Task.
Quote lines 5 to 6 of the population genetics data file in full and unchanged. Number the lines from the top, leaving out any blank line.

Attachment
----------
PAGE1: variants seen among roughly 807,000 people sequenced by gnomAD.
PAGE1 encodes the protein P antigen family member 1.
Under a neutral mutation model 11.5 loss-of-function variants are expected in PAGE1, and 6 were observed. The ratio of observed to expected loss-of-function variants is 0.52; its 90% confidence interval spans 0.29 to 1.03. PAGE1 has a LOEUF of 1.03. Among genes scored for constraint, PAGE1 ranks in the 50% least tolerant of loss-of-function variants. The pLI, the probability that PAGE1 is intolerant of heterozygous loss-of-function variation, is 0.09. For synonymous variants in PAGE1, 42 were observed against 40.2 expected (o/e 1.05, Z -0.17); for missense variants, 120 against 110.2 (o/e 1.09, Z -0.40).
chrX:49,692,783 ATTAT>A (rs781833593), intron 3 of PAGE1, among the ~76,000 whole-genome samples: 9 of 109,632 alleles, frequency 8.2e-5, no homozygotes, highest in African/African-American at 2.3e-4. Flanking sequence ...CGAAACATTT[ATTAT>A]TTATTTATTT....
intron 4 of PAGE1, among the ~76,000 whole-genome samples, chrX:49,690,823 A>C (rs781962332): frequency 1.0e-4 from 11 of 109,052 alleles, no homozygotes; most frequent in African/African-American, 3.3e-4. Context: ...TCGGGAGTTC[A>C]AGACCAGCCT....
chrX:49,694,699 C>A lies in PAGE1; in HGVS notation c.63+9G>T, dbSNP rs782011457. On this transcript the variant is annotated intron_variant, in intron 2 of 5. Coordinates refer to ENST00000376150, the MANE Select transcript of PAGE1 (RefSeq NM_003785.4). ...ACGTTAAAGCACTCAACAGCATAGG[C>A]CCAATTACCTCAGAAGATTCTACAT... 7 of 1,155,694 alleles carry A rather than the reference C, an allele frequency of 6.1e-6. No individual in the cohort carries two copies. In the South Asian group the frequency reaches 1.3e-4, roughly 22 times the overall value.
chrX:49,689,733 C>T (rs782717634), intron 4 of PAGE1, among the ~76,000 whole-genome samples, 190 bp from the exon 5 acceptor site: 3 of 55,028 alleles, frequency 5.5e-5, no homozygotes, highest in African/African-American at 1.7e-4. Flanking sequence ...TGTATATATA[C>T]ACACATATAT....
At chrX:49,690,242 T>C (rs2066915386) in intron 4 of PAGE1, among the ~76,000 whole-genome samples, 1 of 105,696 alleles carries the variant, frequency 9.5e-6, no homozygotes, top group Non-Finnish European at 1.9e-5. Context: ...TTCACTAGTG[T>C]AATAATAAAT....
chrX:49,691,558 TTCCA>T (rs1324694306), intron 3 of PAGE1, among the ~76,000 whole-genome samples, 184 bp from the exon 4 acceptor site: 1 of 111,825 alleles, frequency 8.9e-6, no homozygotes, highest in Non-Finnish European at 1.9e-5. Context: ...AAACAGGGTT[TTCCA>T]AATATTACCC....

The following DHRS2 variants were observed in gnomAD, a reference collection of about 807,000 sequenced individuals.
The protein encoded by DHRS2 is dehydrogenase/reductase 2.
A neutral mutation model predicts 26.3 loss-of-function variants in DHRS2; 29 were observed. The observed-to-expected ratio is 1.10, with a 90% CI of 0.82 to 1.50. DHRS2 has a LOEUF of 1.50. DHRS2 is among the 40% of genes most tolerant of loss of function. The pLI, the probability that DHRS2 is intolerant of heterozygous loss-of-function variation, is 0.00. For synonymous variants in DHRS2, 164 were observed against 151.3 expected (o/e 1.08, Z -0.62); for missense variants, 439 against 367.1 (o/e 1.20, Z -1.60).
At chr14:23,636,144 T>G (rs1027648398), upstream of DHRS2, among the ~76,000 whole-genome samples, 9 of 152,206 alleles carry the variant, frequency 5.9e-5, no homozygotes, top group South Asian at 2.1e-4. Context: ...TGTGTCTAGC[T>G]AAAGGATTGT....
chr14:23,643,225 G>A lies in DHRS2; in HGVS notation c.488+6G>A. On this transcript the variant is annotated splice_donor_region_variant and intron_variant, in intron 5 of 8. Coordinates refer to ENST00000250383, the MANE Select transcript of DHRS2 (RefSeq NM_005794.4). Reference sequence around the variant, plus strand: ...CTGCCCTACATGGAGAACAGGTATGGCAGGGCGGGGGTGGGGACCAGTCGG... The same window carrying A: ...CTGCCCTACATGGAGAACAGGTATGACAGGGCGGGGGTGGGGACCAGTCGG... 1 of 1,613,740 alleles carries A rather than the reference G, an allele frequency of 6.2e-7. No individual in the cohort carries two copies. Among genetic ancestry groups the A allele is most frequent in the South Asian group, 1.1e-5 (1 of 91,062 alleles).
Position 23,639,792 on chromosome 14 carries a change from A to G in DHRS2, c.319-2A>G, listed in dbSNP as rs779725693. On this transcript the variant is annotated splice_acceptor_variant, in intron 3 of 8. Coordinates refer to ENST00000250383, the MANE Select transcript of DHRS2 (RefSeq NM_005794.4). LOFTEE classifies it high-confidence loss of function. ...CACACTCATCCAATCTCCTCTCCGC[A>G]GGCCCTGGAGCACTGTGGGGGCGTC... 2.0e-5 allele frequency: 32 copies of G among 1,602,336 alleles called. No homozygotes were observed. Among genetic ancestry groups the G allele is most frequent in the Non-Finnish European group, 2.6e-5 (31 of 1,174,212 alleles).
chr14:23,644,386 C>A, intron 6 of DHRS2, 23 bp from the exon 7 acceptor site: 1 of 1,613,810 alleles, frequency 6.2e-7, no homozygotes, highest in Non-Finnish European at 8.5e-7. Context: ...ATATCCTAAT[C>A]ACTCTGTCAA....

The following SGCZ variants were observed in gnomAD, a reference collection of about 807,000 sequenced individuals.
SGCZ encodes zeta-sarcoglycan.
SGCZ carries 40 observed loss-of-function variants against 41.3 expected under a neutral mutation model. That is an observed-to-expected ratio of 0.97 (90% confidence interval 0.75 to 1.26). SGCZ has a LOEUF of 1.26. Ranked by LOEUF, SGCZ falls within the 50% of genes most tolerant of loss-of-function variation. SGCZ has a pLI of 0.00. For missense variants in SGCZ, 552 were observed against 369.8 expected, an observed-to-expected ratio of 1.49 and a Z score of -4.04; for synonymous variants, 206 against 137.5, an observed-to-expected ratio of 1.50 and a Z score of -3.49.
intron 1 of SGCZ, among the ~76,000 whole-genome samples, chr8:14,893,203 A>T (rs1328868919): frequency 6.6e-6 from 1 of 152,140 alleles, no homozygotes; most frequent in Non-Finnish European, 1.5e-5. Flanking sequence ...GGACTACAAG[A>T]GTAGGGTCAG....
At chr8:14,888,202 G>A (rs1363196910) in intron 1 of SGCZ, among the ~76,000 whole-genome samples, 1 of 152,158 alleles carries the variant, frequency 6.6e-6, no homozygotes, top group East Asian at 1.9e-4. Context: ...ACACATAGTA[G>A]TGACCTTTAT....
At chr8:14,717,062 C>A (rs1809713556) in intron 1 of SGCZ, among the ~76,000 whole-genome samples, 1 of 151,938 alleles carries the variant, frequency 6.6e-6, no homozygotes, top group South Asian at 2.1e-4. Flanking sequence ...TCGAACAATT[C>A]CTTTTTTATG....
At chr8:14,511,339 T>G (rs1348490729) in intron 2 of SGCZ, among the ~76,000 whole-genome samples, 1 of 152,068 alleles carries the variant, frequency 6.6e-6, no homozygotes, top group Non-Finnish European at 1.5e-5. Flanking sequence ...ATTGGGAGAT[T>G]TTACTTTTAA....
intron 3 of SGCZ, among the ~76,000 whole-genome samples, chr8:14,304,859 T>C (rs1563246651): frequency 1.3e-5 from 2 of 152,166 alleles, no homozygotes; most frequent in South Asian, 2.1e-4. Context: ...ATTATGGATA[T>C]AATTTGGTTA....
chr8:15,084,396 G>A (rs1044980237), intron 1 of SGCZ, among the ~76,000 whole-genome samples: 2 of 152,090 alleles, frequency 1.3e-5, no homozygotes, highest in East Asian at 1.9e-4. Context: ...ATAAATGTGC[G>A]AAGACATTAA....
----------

intron 4 of PAGE1, among the ~76,000 whole-genome samples, chrX:49,690,823 A>C (rs781962332): frequency 1.0e-4 from 11 of 109,052 alleles, no homozygotes; most frequent in African/African-American, 3.3e-4. Context: ...TCGGGAGTTC[A>C]AGACCAGCCT....
chrX:49,694,699 C>A lies in PAGE1; in HGVS notation c.63+9G>T, dbSNP rs782011457. On this transcript the variant is annotated intron_variant, in intron 2 of 5. Coordinates refer to ENST00000376150, the MANE Select transcript of PAGE1 (RefSeq NM_003785.4). ...ACGTTAAAGCACTCAACAGCATAGG[C>A]CCAATTACCTCAGAAGATTCTACAT... 7 of 1,155,694 alleles carry A rather than the reference C, an allele frequency of 6.1e-6. No individual in the cohort carries two copies. In the South Asian group the frequency reaches 1.3e-4, roughly 22 times the overall value.